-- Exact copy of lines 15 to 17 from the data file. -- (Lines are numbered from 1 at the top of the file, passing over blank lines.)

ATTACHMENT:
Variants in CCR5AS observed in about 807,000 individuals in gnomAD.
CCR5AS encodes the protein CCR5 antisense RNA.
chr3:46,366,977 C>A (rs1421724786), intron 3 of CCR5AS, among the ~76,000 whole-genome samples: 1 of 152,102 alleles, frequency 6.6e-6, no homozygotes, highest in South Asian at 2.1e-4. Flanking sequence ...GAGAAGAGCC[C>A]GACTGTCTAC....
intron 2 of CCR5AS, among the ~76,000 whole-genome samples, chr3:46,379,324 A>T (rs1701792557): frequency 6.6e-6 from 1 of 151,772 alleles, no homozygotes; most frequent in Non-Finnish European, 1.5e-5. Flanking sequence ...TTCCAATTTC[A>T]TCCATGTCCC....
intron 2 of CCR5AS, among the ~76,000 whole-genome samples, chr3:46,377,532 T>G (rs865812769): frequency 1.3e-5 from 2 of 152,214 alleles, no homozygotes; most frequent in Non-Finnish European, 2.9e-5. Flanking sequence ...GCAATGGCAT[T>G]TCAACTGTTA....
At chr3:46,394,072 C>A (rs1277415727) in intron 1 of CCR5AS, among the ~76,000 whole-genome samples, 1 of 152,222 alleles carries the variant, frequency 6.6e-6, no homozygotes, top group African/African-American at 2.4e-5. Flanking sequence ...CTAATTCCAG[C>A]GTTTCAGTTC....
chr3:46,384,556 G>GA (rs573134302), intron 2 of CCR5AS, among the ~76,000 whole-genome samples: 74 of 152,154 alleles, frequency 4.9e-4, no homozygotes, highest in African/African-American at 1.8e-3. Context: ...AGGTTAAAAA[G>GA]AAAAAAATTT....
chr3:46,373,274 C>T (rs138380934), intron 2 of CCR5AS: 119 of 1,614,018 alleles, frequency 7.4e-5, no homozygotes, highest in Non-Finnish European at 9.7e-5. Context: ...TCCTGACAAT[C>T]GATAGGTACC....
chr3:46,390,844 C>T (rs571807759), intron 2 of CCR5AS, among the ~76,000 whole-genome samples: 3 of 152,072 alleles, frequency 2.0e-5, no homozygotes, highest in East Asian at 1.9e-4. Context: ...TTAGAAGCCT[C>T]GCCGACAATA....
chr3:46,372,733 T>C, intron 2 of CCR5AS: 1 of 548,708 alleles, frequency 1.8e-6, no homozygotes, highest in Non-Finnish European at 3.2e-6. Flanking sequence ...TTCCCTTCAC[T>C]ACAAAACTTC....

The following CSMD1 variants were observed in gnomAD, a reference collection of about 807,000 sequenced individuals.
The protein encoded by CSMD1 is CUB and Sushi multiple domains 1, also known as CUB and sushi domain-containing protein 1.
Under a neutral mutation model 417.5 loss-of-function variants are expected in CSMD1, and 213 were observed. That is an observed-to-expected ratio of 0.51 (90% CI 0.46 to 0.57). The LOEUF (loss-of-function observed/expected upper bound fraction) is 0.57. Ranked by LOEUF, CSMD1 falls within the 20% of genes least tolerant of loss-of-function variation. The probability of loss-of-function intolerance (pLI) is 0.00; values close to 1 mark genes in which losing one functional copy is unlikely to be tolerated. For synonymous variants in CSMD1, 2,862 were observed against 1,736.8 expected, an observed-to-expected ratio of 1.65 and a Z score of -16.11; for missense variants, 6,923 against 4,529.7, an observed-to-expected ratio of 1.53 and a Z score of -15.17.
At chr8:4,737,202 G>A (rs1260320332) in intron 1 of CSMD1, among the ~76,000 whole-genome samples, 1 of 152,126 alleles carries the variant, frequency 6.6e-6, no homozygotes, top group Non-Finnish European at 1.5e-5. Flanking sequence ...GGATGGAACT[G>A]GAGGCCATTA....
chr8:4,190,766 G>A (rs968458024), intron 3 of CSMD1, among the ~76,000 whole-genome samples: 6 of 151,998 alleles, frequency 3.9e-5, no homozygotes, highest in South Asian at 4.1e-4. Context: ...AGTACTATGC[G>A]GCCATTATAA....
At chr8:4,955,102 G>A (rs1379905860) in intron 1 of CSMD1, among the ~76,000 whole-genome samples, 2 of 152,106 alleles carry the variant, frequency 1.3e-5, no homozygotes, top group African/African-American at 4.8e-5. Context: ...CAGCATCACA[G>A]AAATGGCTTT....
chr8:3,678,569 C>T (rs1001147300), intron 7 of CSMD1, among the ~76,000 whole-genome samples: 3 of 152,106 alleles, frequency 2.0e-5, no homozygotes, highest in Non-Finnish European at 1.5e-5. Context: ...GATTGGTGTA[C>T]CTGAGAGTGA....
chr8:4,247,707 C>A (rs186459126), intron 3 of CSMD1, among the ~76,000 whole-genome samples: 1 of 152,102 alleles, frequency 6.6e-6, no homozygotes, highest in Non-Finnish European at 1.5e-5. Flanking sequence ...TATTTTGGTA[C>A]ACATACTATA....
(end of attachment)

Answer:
chr8:4,190,766 G>A (rs968458024), intron 3 of CSMD1, among the ~76,000 whole-genome samples: 6 of 151,998 alleles, frequency 3.9e-5, no homozygotes, highest in South Asian at 4.1e-4. Context: ...AGTACTATGC[G>A]GCCATTATAA....
At chr8:4,955,102 G>A (rs1379905860) in intron 1 of CSMD1, among the ~76,000 whole-genome samples, 2 of 152,106 alleles carry the variant, frequency 1.3e-5, no homozygotes, top group African/African-American at 4.8e-5. Context: ...CAGCATCACA[G>A]AAATGGCTTT....
chr8:3,678,569 C>T (rs1001147300), intron 7 of CSMD1, among the ~76,000 whole-genome samples: 3 of 152,106 alleles, frequency 2.0e-5, no homozygotes, highest in Non-Finnish European at 1.5e-5. Context: ...GATTGGTGTA[C>T]CTGAGAGTGA....